As restrictions lift and in-person visits become viable again, the use of virtual care technology — particularly telemedicine and remote patient monitoring (RPM)—is here to stay.

Over the past year, the relentless COVID-19 pandemic forced a major shift in the way healthcare is managed and delivered. While we’ve seen tremendous achievements of science and medicine in the way of accelerated vaccine development, the care delivery side of healthcare is still bogged down with siloed technology and systems that lack interoperability and fail to streamline case management.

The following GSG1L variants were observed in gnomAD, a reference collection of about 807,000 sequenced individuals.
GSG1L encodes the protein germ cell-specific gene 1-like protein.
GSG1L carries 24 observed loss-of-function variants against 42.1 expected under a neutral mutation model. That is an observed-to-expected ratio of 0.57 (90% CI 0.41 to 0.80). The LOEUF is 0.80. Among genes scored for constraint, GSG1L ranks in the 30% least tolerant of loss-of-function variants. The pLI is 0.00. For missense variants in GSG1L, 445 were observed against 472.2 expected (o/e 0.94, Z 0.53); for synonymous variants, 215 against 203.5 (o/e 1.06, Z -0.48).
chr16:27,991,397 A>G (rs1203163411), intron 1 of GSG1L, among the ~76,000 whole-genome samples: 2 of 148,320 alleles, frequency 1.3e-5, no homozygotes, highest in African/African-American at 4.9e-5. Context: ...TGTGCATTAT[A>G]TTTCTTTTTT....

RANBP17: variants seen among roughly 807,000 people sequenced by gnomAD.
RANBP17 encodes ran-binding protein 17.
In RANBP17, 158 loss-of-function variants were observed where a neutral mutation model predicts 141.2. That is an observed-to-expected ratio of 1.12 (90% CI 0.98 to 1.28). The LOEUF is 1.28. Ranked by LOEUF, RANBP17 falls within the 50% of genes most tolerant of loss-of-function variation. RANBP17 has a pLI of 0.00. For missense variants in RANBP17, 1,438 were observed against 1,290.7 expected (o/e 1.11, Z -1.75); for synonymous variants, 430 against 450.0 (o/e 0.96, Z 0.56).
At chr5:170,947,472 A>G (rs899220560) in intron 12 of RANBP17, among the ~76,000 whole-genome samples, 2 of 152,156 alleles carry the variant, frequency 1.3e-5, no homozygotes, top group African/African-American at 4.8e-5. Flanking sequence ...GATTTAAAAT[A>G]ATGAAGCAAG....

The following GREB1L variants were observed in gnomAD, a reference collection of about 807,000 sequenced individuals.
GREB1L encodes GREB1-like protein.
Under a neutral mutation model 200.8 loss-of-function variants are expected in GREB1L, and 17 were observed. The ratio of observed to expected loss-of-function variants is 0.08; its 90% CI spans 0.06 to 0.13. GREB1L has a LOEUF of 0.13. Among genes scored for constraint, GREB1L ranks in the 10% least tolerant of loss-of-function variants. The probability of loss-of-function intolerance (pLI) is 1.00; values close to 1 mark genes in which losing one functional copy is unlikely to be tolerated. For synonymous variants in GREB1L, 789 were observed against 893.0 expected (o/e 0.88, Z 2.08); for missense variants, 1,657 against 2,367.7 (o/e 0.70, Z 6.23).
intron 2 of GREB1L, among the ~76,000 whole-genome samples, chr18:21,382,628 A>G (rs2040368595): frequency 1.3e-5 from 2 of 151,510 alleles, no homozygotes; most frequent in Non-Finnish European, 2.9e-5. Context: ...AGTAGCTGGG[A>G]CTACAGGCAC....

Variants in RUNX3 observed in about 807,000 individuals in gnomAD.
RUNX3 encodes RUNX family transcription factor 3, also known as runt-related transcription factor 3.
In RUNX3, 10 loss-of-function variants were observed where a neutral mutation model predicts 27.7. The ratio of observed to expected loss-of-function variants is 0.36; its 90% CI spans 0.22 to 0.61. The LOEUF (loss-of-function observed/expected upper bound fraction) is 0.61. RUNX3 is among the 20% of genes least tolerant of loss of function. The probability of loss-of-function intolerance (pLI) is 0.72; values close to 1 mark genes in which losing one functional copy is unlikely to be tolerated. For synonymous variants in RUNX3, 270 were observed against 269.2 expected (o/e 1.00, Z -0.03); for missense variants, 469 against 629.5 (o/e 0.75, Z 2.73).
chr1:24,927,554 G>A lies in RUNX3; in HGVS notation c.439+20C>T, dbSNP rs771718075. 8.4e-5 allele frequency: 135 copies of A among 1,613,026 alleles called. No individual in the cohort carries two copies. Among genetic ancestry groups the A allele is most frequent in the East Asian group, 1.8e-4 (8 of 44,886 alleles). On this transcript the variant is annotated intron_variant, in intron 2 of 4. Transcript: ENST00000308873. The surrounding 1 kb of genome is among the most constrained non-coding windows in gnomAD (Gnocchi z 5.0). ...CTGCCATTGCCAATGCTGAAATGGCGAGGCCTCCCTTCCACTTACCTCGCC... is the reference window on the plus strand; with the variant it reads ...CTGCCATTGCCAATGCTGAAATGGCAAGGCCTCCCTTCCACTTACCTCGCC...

Prior to COVID-19, telemedicine and virtual care tools had been in the background of some care models, however, challenges with reimbursement and patient adoption prevented widespread use. As the pandemic took hold in the United States last spring, demand for medical care started to skyrocket, but in-person visits became difficult—if not impossible—due to exposure risks, limited clinical staff, shutdowns and travel restrictions. As emergency-use legislation passed to address reimbursement issues and patients had little choice but to adopt alternative options, telemedicine and virtual care emerged as a primary way to deliver and receive essential care.

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